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J Hepatol. 2011 Dec;55(6):1383-90. doi: 10.1016/j.jhep.2011.03.016. Epub 2011 Apr 14.

The role of thiazolidinediones in non-alcoholic steatohepatitis - a systematic review and meta analysis.

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Storr Liver Unit, Westmead Hospital, Wentworthville, New South Wales 2145, Australia.



Non alcoholic steatohepatitis (NASH) has no approved pharmacological therapy. Insulin sensitisers such as thiazolidinediones ameliorate insulin resistance and are a potential therapeutic option. We performed a systematic review and meta-analysis of the effect of thiazolidinediones on histological and biochemical variables in NASH.


Two reviewers searched Medline, Embase, Cochrane Central, international meeting abstracts, reference lists, and contacted experts. Inclusion criteria were randomized trials of people with NASH receiving thiazolidinediones, compared with placebo or other treatments. Methodological quality was assessed in domains suggested by the Cochrane Collaboration. The primary outcome was histological improvement (fibrosis, steatosis, inflammation, hepatocellular ballooning, and NAS score). Secondary outcomes included change in alanine transaminase, insulin resistance, body mass index, weight, and adverse events. Meta-analysis used random effects with dichotomous outcomes as relative risk (RR) and continuous outcomes as mean difference (MD), both with 95% confidence intervals (CI).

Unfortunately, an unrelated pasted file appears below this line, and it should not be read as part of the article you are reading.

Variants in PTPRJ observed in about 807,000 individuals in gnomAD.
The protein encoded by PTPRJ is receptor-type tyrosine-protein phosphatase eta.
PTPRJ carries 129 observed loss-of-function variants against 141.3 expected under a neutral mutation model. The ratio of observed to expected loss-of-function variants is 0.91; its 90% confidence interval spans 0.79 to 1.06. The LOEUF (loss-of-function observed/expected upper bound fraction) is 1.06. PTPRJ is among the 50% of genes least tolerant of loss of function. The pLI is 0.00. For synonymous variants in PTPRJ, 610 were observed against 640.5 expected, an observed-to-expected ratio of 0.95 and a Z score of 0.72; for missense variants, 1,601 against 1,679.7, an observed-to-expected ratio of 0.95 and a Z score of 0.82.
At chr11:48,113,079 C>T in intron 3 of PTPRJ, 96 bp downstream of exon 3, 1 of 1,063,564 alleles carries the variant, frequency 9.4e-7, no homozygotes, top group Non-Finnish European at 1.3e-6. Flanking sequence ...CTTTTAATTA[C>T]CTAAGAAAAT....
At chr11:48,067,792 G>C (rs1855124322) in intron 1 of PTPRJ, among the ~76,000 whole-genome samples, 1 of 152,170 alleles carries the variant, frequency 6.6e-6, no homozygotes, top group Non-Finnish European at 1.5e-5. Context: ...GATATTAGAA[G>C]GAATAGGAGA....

Of seven randomized trials (n=489) with histological outcomes, four were placebo controlled (n=355). Methodological quality was variable although better for placebo controlled studies. Treated participants showed improvement in fibrosis (RR 1.38, CI 1.01-1.89), steatosis (RR 2.03, CI 1.57-2.62), inflammation (RR 1.71, CI 1.32-2.21), and hepatocellular ballooning (RR 1.62, CI 1.15-2.28). Treatment increased weight by an average of 4.4 kg (CI 2.6-5.2 kg). Adverse event reporting was inconsistent and only one trial assessed quality of life.


Thiazolidinediones modestly improve histological variables including fibrosis and hepatocellular ballooning, but at the cost of significant weight gain. Trials of longer duration and reporting of patient oriented outcomes would be informative.

[Indexed for MEDLINE]

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